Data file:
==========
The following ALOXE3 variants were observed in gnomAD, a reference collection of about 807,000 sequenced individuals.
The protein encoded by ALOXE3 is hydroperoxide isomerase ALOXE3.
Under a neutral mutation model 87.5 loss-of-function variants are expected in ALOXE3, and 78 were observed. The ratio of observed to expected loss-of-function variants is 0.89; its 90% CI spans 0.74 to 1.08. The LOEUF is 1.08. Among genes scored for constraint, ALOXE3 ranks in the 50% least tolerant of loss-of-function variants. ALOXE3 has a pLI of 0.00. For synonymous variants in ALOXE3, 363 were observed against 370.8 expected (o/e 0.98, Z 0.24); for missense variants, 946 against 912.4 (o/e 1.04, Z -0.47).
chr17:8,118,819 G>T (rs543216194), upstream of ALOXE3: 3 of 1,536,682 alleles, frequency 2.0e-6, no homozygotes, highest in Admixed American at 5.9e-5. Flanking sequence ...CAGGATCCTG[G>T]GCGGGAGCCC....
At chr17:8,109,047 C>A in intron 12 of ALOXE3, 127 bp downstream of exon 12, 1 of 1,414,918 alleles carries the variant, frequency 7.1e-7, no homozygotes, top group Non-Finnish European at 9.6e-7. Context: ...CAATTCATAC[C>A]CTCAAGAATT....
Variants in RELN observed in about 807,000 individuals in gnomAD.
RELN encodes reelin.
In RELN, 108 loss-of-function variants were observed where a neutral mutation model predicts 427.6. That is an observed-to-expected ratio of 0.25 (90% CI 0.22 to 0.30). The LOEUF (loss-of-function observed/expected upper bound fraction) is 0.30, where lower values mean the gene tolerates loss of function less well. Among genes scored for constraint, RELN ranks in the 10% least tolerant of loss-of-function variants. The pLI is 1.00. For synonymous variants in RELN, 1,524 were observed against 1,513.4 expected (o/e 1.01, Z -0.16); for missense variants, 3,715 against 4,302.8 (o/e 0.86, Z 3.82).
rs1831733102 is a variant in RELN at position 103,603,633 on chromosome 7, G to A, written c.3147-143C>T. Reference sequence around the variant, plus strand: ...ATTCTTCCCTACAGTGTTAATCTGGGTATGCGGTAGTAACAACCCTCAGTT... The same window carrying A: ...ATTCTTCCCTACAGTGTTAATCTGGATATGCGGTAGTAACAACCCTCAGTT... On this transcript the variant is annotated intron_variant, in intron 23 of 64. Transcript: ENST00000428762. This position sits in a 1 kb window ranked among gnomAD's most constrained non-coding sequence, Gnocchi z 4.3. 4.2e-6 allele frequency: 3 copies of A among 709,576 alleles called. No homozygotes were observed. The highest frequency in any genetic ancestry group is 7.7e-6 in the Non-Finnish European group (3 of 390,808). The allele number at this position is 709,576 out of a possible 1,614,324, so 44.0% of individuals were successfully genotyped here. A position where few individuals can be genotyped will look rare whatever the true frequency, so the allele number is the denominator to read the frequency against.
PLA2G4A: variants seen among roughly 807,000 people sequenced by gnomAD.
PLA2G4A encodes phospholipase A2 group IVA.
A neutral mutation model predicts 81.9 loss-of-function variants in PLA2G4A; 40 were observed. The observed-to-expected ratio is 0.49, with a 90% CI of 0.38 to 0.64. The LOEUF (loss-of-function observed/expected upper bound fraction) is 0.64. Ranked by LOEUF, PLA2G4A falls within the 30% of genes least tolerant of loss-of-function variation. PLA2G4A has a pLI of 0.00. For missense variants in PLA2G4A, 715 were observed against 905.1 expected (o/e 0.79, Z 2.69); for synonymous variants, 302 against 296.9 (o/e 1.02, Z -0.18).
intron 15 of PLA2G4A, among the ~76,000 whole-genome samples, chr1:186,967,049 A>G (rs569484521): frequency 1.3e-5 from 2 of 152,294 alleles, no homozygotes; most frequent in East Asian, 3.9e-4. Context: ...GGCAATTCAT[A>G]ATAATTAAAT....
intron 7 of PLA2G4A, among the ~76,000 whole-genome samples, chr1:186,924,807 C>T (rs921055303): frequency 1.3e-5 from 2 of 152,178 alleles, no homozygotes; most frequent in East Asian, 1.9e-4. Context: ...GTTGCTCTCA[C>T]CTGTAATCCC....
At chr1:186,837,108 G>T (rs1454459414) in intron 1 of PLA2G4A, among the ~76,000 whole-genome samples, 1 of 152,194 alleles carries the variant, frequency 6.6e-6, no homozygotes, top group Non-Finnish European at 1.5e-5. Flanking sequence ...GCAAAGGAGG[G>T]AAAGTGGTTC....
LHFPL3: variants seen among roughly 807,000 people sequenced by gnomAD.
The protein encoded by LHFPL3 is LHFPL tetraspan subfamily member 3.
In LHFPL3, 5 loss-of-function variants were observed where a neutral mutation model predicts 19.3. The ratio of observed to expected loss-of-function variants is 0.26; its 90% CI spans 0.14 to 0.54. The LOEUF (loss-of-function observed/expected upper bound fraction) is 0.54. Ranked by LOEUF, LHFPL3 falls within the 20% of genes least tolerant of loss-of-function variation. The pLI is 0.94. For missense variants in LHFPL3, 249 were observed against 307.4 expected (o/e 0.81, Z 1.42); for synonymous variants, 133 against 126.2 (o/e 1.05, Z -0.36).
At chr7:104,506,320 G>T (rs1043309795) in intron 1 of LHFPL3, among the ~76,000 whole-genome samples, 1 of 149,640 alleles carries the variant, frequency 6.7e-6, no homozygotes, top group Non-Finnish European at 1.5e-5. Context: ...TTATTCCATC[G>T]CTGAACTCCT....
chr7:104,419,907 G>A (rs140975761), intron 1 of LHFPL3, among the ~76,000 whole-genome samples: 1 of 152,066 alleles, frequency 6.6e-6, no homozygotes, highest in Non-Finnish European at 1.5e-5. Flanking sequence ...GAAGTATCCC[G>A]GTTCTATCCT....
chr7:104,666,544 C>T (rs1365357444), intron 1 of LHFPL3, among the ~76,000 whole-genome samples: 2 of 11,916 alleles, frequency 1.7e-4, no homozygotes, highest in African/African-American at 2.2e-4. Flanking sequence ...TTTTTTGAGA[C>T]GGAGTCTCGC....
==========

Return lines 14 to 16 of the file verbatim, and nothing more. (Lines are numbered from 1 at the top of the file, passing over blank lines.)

intron 7 of PLA2G4A, among the ~76,000 whole-genome samples, chr1:186,924,807 C>T (rs921055303): frequency 1.3e-5 from 2 of 152,178 alleles, no homozygotes; most frequent in East Asian, 1.9e-4. Context: ...GTTGCTCTCA[C>T]CTGTAATCCC....
At chr1:186,837,108 G>T (rs1454459414) in intron 1 of PLA2G4A, among the ~76,000 whole-genome samples, 1 of 152,194 alleles carries the variant, frequency 6.6e-6, no homozygotes, top group Non-Finnish European at 1.5e-5. Flanking sequence ...GCAAAGGAGG[G>T]AAAGTGGTTC....
LHFPL3: variants seen among roughly 807,000 people sequenced by gnomAD.